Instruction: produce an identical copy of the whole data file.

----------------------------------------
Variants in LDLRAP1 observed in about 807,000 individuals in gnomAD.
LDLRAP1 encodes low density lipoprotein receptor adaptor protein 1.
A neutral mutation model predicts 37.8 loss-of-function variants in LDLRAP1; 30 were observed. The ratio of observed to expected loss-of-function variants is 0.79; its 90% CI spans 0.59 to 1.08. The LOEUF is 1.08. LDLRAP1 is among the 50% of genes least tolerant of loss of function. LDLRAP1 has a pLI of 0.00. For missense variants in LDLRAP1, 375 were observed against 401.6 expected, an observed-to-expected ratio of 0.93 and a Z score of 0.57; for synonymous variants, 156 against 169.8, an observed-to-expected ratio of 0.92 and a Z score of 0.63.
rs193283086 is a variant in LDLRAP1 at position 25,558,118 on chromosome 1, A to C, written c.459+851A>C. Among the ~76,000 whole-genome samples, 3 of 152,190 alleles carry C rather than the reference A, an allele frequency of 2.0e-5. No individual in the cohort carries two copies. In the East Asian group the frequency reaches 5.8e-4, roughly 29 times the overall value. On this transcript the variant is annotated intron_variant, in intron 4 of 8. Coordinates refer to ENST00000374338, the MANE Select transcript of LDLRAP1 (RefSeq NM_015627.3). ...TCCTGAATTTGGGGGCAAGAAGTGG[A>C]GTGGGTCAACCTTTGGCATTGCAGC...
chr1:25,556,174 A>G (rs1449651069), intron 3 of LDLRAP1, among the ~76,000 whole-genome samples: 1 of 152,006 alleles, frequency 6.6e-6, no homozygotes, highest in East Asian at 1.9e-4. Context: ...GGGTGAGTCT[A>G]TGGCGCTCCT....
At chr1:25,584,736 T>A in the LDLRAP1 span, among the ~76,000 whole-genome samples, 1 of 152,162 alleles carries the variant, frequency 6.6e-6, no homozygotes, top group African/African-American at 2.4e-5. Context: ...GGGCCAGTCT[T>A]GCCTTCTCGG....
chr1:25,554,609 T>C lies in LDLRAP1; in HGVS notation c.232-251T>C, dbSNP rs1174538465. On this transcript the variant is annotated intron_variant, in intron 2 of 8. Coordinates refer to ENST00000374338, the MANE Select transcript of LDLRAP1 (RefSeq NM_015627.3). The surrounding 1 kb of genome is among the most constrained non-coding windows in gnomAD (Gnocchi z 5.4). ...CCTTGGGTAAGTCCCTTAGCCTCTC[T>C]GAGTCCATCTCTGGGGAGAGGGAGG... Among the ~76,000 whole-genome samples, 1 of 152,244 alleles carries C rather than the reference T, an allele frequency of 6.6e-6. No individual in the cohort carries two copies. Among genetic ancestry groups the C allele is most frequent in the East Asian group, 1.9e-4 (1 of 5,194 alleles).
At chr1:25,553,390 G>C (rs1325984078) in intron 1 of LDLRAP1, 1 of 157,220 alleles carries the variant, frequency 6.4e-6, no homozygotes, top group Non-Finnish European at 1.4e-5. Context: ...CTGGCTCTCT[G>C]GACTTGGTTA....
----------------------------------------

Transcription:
Variants in LDLRAP1 observed in about 807,000 individuals in gnomAD.
LDLRAP1 encodes low density lipoprotein receptor adaptor protein 1.
A neutral mutation model predicts 37.8 loss-of-function variants in LDLRAP1; 30 were observed. The ratio of observed to expected loss-of-function variants is 0.79; its 90% CI spans 0.59 to 1.08. The LOEUF is 1.08. LDLRAP1 is among the 50% of genes least tolerant of loss of function. LDLRAP1 has a pLI of 0.00. For missense variants in LDLRAP1, 375 were observed against 401.6 expected, an observed-to-expected ratio of 0.93 and a Z score of 0.57; for synonymous variants, 156 against 169.8, an observed-to-expected ratio of 0.92 and a Z score of 0.63.
rs193283086 is a variant in LDLRAP1 at position 25,558,118 on chromosome 1, A to C, written c.459+851A>C. Among the ~76,000 whole-genome samples, 3 of 152,190 alleles carry C rather than the reference A, an allele frequency of 2.0e-5. No individual in the cohort carries two copies. In the East Asian group the frequency reaches 5.8e-4, roughly 29 times the overall value. On this transcript the variant is annotated intron_variant, in intron 4 of 8. Coordinates refer to ENST00000374338, the MANE Select transcript of LDLRAP1 (RefSeq NM_015627.3). ...TCCTGAATTTGGGGGCAAGAAGTGG[A>C]GTGGGTCAACCTTTGGCATTGCAGC...
chr1:25,556,174 A>G (rs1449651069), intron 3 of LDLRAP1, among the ~76,000 whole-genome samples: 1 of 152,006 alleles, frequency 6.6e-6, no homozygotes, highest in East Asian at 1.9e-4. Context: ...GGGTGAGTCT[A>G]TGGCGCTCCT....
At chr1:25,584,736 T>A in the LDLRAP1 span, among the ~76,000 whole-genome samples, 1 of 152,162 alleles carries the variant, frequency 6.6e-6, no homozygotes, top group African/African-American at 2.4e-5. Context: ...GGGCCAGTCT[T>A]GCCTTCTCGG....
chr1:25,554,609 T>C lies in LDLRAP1; in HGVS notation c.232-251T>C, dbSNP rs1174538465. On this transcript the variant is annotated intron_variant, in intron 2 of 8. Coordinates refer to ENST00000374338, the MANE Select transcript of LDLRAP1 (RefSeq NM_015627.3). The surrounding 1 kb of genome is among the most constrained non-coding windows in gnomAD (Gnocchi z 5.4). ...CCTTGGGTAAGTCCCTTAGCCTCTC[T>C]GAGTCCATCTCTGGGGAGAGGGAGG... Among the ~76,000 whole-genome samples, 1 of 152,244 alleles carries C rather than the reference T, an allele frequency of 6.6e-6. No individual in the cohort carries two copies. Among genetic ancestry groups the C allele is most frequent in the East Asian group, 1.9e-4 (1 of 5,194 alleles).
At chr1:25,553,390 G>C (rs1325984078) in intron 1 of LDLRAP1, 1 of 157,220 alleles carries the variant, frequency 6.4e-6, no homozygotes, top group Non-Finnish European at 1.4e-5. Context: ...CTGGCTCTCT[G>C]GACTTGGTTA....